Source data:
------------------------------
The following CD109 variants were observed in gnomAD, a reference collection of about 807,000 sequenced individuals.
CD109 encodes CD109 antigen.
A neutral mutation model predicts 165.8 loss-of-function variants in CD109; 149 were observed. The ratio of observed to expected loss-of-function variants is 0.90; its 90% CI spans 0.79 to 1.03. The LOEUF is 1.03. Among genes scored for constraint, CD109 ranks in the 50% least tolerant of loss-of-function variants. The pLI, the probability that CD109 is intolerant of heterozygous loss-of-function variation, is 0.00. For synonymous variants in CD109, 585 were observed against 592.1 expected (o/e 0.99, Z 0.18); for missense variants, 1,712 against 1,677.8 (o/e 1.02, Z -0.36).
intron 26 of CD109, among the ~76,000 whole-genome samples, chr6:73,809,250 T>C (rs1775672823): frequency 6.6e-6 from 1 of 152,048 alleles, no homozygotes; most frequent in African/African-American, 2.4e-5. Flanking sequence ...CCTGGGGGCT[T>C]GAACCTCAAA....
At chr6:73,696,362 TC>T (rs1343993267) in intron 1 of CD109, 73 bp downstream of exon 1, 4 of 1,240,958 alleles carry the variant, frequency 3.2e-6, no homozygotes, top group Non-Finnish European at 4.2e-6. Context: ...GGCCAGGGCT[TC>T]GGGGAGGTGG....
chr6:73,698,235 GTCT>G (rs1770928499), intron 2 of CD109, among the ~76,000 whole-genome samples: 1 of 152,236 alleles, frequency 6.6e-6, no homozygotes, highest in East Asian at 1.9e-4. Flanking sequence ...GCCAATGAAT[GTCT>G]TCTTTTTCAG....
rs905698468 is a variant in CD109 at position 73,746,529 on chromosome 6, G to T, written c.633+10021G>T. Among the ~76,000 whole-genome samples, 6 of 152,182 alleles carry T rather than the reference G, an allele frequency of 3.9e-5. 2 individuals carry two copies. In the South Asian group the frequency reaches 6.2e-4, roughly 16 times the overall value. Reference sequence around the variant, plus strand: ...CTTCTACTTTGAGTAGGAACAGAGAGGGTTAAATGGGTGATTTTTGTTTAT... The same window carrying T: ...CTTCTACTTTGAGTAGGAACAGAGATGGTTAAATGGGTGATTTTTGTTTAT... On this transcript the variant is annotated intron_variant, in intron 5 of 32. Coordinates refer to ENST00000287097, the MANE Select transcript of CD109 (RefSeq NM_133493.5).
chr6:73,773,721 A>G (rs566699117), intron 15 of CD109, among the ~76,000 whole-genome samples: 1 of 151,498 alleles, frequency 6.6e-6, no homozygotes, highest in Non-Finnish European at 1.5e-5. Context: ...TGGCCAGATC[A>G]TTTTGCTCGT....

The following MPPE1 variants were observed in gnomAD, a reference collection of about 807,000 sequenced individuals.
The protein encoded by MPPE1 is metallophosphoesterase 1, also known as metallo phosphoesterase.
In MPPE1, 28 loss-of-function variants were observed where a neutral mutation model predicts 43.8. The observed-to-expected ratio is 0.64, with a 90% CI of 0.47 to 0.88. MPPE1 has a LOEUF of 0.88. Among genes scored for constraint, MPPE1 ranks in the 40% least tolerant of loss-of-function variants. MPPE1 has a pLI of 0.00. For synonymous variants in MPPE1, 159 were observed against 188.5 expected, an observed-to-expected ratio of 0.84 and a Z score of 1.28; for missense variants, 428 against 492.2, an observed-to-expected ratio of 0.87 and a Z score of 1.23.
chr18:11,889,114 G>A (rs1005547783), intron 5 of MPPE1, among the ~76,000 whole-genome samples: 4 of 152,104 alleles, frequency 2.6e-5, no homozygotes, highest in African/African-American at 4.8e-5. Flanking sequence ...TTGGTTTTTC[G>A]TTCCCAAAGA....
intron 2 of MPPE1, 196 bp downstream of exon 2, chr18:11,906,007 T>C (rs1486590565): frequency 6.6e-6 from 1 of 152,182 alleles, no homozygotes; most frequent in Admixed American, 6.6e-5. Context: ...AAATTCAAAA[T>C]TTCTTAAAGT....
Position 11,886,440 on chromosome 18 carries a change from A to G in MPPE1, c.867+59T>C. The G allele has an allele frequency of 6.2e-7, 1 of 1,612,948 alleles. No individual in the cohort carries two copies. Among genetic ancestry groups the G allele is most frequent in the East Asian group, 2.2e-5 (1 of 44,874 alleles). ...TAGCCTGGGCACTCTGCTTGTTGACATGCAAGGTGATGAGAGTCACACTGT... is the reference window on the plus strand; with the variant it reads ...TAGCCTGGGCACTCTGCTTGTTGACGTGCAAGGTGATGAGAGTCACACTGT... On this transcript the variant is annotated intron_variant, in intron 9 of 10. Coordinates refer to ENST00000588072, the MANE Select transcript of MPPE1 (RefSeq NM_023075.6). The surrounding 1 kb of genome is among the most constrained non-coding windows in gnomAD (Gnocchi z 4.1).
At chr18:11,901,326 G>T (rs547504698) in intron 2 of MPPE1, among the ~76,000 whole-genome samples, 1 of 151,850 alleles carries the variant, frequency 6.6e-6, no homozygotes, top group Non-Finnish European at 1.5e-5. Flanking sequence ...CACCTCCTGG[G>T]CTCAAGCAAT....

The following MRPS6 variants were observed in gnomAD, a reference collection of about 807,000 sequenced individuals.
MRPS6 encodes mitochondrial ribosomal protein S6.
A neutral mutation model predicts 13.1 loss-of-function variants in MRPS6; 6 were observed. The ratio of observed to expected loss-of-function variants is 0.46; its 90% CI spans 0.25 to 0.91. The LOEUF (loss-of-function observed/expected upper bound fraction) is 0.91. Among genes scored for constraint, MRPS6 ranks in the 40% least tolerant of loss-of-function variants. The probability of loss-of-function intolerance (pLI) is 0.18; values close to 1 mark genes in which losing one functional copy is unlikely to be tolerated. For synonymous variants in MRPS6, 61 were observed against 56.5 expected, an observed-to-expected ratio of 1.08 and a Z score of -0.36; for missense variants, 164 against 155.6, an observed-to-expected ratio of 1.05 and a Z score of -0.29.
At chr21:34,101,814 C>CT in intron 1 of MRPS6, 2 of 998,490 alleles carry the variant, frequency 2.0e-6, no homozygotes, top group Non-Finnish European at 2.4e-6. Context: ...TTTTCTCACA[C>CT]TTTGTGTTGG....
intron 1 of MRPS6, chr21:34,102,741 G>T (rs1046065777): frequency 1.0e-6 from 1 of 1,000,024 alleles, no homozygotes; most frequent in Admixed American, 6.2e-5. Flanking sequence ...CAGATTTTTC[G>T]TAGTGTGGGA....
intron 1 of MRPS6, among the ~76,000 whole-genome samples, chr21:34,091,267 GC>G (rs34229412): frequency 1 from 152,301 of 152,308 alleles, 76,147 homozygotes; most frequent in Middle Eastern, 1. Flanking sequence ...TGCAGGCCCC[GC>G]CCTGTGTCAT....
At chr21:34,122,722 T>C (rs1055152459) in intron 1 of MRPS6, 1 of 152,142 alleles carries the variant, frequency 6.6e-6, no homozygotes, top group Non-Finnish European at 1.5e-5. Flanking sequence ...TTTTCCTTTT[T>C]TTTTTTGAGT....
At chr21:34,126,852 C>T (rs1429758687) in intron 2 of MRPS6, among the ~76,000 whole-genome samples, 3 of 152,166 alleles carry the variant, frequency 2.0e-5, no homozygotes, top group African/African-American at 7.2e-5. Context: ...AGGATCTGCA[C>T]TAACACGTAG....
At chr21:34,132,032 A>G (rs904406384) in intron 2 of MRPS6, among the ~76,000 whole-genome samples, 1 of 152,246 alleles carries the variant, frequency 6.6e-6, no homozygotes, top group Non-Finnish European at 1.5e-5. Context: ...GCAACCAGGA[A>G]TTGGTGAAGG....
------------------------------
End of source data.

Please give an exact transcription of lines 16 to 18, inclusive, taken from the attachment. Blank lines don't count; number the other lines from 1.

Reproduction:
The following MRPS6 variants were observed in gnomAD, a reference collection of about 807,000 sequenced individuals.
MRPS6 encodes mitochondrial ribosomal protein S6.
A neutral mutation model predicts 13.1 loss-of-function variants in MRPS6; 6 were observed. The ratio of observed to expected loss-of-function variants is 0.46; its 90% CI spans 0.25 to 0.91. The LOEUF (loss-of-function observed/expected upper bound fraction) is 0.91. Among genes scored for constraint, MRPS6 ranks in the 40% least tolerant of loss-of-function variants. The probability of loss-of-function intolerance (pLI) is 0.18; values close to 1 mark genes in which losing one functional copy is unlikely to be tolerated. For synonymous variants in MRPS6, 61 were observed against 56.5 expected, an observed-to-expected ratio of 1.08 and a Z score of -0.36; for missense variants, 164 against 155.6, an observed-to-expected ratio of 1.05 and a Z score of -0.29.